English Literature
5 | 2018

English Literature
5 | 2018

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chevron_rightLiterature

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it

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chevron_right2385-1635

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chevron_right2420-823X

Online issue
Vol. 5 | Num. 1 | Dicembre 2018

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English Literature | 5 | 2018

What Isn't a Cross-Cultural Adaptation, and, If You Know That, Then What Isn’t a Cross-Cultural Text?

Leitch Thomas
University of Delaware
English.lit@unive.it

DOI 10.30687/EL/2420-823X/2018/05/001

Submitted 10 Nov 2018
Accepted 13 Dec 2018

Abstract

This essay begins by asking why the term ‘cross-cultural adaptation’ should not be extended from adaptations that cross national borders to adaptations that cross temporal, historical, linguistic, medial, and gendered borders. Unlike some theorists who have attempted to define away the problems that arise when the term ‘cross-cultural adaptation’ is extended so broadly that it courts ambiguity, circularity, and redundancy by referring instead to ‘transnational adaptation’, the essay takes those problems as its subject. It suggests that adaptations police and valorize the cultural borders they cross by performing them as borders and the cultures they demarcate as cultures. Since cultures and the borders between them cannot be described without performing them, the essay concludes that the term ‘cross-cultural adaptation’ is as defensible as any other for describing – that is, for performing – the cultural work that adaptations do.

Keywords
Adaptation. Cross-cultural. Heteroglossia. Monoglossia. Performance.

Creative Commons License This work is licensed under a Creative Commons Attribution 4.0 International License 

Table of contents
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Campo DC Valore

dc.contributor.author

Thomas Leitch

dc.title

What Isn't a Cross-Cultural Adaptation, and, If You Know That, Then What Isn’t a Cross-Cultural Text?

dc.type

Journal Article

dc.language.iso

it

dc.identifier.uri

http://doi.org/10.14277/EL/2420-823X/2018/05/001

dc.description.abstract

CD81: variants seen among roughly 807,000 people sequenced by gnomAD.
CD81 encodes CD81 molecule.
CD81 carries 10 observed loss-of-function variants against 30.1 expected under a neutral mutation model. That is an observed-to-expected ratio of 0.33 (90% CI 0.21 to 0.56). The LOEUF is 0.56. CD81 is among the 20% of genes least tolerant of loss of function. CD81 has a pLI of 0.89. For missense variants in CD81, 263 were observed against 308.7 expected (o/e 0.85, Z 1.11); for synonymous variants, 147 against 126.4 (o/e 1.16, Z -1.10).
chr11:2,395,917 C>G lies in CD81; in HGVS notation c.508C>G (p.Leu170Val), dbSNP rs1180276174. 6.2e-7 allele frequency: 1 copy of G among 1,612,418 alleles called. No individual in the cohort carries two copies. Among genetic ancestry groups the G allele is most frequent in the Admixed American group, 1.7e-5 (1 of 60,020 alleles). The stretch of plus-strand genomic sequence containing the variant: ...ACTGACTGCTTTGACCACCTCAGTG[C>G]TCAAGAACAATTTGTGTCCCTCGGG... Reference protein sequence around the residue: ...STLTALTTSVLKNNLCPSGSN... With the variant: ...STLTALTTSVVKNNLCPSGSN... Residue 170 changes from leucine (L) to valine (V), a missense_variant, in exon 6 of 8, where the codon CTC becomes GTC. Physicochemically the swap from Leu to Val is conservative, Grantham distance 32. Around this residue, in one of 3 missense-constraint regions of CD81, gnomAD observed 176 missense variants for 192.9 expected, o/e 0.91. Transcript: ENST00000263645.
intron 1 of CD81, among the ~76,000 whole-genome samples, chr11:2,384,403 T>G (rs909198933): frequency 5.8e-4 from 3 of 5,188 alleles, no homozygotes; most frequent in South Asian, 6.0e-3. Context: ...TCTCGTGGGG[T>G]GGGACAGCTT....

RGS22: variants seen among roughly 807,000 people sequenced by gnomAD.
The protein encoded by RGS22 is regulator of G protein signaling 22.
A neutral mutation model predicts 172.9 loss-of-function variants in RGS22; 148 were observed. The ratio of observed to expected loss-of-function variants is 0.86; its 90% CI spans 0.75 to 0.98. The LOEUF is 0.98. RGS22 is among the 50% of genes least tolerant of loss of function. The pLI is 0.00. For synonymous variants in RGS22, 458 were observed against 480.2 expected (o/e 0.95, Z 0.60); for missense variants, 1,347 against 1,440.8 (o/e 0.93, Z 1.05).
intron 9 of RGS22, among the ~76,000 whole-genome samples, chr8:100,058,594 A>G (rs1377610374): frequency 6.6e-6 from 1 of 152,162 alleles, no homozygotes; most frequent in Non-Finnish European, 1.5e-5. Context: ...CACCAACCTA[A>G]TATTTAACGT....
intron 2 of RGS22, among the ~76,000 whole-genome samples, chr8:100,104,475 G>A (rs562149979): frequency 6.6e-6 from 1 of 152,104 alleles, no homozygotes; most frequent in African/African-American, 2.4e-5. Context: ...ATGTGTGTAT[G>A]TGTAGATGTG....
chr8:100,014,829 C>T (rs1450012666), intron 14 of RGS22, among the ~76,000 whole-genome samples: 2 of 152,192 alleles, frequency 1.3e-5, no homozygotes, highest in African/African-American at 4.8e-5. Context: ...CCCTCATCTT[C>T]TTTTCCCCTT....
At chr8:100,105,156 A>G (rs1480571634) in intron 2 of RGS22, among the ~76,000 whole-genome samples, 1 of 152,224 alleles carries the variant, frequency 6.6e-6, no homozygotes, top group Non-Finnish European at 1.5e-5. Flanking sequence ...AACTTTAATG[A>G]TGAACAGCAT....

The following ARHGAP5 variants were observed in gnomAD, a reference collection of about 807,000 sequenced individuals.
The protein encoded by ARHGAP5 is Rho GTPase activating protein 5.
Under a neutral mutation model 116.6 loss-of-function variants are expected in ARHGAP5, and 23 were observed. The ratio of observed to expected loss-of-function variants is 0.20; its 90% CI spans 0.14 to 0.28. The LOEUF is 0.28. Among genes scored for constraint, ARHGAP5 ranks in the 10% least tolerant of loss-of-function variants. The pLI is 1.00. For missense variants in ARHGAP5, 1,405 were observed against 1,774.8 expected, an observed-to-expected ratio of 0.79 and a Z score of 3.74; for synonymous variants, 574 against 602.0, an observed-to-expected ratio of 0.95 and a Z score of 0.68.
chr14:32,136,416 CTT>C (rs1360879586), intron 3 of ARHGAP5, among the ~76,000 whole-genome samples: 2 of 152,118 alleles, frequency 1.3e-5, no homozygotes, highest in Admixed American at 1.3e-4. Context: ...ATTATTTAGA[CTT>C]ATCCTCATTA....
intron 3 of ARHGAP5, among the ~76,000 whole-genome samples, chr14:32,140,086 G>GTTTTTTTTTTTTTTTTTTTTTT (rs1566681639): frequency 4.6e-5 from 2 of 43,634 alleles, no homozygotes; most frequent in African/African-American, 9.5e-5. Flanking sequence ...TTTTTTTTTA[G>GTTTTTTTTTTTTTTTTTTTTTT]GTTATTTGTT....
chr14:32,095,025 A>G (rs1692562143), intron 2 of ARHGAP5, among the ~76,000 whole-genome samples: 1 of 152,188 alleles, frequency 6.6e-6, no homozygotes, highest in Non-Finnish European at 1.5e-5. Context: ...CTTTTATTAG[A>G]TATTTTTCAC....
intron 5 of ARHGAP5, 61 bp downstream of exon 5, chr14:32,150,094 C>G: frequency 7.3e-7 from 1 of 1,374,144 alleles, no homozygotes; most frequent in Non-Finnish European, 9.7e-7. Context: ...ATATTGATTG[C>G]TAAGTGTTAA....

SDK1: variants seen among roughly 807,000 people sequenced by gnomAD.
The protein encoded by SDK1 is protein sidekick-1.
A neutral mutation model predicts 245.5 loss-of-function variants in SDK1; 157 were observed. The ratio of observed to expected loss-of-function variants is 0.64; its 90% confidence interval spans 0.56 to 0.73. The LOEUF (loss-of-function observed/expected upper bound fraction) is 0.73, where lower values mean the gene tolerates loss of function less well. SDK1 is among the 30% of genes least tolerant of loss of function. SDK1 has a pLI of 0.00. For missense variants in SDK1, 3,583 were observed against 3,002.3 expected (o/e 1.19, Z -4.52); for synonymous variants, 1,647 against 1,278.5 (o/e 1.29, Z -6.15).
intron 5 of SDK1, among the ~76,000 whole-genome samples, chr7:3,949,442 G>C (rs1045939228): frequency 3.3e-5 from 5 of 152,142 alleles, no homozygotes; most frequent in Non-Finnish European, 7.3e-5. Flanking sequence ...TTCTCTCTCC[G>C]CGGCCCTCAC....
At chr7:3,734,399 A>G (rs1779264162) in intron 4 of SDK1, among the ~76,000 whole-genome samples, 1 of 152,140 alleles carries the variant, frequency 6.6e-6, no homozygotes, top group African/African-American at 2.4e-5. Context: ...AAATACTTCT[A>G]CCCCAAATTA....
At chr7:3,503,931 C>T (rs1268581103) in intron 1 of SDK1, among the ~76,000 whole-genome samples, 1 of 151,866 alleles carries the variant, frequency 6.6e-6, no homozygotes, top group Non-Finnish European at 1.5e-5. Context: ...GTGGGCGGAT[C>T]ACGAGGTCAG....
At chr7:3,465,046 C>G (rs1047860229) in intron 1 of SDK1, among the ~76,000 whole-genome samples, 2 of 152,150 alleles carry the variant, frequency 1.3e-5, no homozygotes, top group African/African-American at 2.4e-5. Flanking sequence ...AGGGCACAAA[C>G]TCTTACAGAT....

This essay begins by asking why the term ‘cross-cultural adaptation’ should not be extended from adaptations that cross national borders to adaptations that cross temporal, historical, linguistic, medial, and gendered borders. Unlike some theorists who have attempted to define away the problems that arise when the term ‘cross-cultural adaptation’ is extended so broadly that it courts ambiguity, circularity, and redundancy by referring instead to ‘transnational adaptation’, the essay takes those problems as its subject. It suggests that adaptations police and valorize the cultural borders they cross by performing them as borders and the cultures they demarcate as cultures. Since cultures and the borders between them cannot be described without performing them, the essay concludes that the term ‘cross-cultural adaptation’ is as defensible as any other for describing – that is, for performing – the cultural work that adaptations do.

dc.relation.ispartof

English Literature

dc.relation.ispartof

Vol. 5 | Num. 1 | Dicembre 2018

dc.publisher

Edizioni Ca’ Foscari - Digital Publishing

dc.date.issued

2018-12-17

dc.dateAccepted

2018-11-10

dc.dateSubmitted

2018-12-13

dc.identifier.issn

2385-1635

dc.identifier.eissn

2420-823X

dc.rights

Creative Commons 4.0 Attribution alone

dc.rights.uri

http://creativecommons.org/licenses/by/4.0/

dc.subject

Adaptation

dc.subject

Cross-cultural

dc.subject

Heteroglossia

dc.subject

Monoglossia

dc.subject

Performance

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